You don't have to be Amazon to cross-sell like Amazon

This article initially appeared in Payment Source*

cross-sell-amazon.jpegIn theory, cross-selling is easy: just ask purchasing customers if they want a similar, complementary product around the time of accepting a payment.

But all customers have different wants and needs. Different attitudes. A haphazard cross-sell promises minimal profit while risking that valuable yet elusive asset: the loyal customer.

How to find the balance? By knowing your customers—which can mean two very different things. Consider small businesses. They thrive on personal relationships. Over time, employees learn customers’ needs and deftly toggle between soft and hard cross-sells at the perfect time.

Amazon — whose employment has skyrocketed this year to over 350,000, and will soon increase another 50,000 — always seems to win its space, whether it’s books, the cloud or even actual space.

How does the soon-to-be $1 trillion e-commerce juggernaut get its cash? These days, a full 35% of Amazon’s revenue comes from its “Frequently Bought Together” and “Customers Who Bought This Item Also Bought” features. That is, from traditional cross-selling around the time of shopping and payment.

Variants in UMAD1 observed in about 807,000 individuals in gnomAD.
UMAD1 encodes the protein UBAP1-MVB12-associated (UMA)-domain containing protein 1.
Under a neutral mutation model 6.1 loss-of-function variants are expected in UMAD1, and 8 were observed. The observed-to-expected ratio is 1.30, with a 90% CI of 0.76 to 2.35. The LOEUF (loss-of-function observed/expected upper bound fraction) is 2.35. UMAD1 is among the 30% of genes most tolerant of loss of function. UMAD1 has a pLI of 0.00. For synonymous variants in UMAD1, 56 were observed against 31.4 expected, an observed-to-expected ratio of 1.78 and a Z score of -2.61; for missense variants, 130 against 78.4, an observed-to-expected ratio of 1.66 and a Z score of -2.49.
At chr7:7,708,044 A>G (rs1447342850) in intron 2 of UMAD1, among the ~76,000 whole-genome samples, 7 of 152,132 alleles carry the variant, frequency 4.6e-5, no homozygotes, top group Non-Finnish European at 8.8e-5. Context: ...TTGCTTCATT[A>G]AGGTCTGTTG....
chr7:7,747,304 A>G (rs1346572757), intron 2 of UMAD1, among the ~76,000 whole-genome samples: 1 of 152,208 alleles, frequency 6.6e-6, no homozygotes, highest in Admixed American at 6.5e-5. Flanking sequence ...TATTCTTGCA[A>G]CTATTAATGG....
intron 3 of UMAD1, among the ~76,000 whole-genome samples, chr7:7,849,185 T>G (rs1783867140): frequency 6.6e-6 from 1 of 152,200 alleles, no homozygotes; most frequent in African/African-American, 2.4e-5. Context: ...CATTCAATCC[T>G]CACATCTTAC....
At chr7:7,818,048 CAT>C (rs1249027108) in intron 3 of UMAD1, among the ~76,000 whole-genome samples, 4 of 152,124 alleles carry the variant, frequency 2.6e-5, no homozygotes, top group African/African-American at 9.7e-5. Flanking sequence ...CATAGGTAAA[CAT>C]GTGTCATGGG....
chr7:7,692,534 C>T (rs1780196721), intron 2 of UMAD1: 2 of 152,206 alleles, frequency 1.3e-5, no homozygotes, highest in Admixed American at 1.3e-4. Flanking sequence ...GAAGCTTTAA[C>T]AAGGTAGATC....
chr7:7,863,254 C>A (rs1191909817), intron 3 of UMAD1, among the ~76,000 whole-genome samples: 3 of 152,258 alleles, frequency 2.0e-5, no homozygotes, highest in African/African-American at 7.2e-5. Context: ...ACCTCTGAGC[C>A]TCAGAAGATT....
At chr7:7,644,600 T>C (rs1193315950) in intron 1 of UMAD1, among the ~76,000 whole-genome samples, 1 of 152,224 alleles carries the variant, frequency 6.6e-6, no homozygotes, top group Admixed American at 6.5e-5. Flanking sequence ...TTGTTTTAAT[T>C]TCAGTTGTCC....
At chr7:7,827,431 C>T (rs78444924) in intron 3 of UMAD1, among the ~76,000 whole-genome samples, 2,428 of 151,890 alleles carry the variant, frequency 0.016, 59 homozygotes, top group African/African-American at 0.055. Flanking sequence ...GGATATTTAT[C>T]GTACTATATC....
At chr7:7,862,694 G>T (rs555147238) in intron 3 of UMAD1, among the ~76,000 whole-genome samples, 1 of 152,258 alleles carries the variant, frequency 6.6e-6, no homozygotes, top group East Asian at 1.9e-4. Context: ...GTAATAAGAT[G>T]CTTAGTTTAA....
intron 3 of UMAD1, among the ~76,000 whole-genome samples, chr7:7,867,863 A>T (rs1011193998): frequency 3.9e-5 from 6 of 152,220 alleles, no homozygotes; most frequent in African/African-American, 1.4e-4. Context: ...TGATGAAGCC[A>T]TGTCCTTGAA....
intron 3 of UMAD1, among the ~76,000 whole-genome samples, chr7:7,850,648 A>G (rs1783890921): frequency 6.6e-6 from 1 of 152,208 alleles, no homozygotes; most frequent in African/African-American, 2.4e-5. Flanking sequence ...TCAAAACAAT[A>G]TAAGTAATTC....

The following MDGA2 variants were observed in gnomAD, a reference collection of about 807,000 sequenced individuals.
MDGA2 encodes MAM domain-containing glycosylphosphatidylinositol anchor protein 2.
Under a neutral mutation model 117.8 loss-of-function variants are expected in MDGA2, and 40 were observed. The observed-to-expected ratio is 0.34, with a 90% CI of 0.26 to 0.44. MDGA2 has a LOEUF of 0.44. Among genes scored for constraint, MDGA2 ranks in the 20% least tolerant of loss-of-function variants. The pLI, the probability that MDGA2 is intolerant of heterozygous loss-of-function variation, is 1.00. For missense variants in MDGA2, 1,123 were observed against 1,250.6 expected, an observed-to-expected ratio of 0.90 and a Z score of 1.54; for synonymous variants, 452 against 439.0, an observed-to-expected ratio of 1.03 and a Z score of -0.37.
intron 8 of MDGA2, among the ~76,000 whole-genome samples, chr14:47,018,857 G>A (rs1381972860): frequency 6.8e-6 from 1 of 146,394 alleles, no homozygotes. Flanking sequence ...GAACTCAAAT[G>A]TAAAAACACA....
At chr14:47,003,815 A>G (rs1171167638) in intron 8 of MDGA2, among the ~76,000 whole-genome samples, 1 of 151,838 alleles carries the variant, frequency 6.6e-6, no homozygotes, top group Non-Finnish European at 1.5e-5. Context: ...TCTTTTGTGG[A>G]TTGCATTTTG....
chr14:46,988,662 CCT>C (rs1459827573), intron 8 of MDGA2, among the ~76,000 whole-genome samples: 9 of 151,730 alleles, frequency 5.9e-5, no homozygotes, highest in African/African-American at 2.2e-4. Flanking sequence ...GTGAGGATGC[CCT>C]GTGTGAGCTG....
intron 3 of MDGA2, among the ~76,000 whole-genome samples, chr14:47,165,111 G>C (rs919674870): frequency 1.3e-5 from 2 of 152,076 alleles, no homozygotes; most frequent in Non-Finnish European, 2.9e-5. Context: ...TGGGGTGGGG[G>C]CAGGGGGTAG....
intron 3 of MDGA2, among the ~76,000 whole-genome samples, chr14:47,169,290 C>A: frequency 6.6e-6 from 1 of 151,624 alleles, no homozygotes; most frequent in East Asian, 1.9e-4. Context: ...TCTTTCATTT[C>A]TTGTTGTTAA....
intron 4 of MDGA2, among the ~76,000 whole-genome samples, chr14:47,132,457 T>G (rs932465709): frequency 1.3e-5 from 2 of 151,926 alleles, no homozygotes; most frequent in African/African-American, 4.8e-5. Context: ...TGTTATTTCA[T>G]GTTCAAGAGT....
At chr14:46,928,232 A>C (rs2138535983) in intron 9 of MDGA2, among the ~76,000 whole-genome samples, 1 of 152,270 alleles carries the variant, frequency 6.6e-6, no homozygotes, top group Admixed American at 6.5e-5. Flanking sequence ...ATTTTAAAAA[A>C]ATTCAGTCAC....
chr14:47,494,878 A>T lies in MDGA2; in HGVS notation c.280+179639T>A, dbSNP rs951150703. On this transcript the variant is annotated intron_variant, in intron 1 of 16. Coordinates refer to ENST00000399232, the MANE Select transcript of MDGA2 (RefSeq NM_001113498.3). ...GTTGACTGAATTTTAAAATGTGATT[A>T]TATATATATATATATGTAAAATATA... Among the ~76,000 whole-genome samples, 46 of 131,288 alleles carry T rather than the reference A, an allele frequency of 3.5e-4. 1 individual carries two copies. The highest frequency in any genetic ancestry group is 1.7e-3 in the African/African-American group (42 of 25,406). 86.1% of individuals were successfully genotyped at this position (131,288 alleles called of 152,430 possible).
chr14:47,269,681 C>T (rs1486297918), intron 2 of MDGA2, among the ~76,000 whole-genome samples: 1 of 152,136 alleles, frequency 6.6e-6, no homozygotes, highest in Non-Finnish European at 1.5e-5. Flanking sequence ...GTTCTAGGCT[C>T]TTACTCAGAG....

Here’s the catch: This type of cross-selling is anything but traditional. No salesperson suggests products; the features are algorithmic, relying on interactive troves of customer information: databases, spreadsheets, branches.

Amazon may have more info than anyone — it's a data-mining pioneer, after all — but most retailers now have more than enough. Global IP traffic has passed one zettabyte. Capturing even a tiny slice of it could give businesses more data than they know what to do with. How do they get it in order?

Today’s smartest businesses use intelligent master data management to convert quantity into quality. According to Gartner, MDM is discipline that allows business and IT teams to work together to “ensure the uniformity, accuracy, stewardship, semantic consistency and accountability of the enterprise’s official shared master data assets.”

In the past, MDM was clunky and obtuse, passively creating data lakes (where data floats aimlessly) or data silos (where data accumulates remotely). The newest versions are sleek and agile, flexing as data streams stretch the system and business goals evolve. With intelligent MDM, companies can run sophisticated business intelligence that can both uncover cross-selling opportunities and empower employees to make them.

Today, when nearly two-thirds of businesses have undergone or are preparing to undergo a full digital transformation, cross-selling is as vital as ever. But it’s a nuanced, sensitive technique, one that, to be optimized, must harness the lifeblood of digital business: data.

When employees have a 360-degree view of relevant customer data, businesses can design more targeted, personalized cross-selling programs, something today’s customers actually expect; 79% say they want brands that understand and care about “me.” You may not be Amazon, but you can still cross-sell like Amazon and reap the rewards.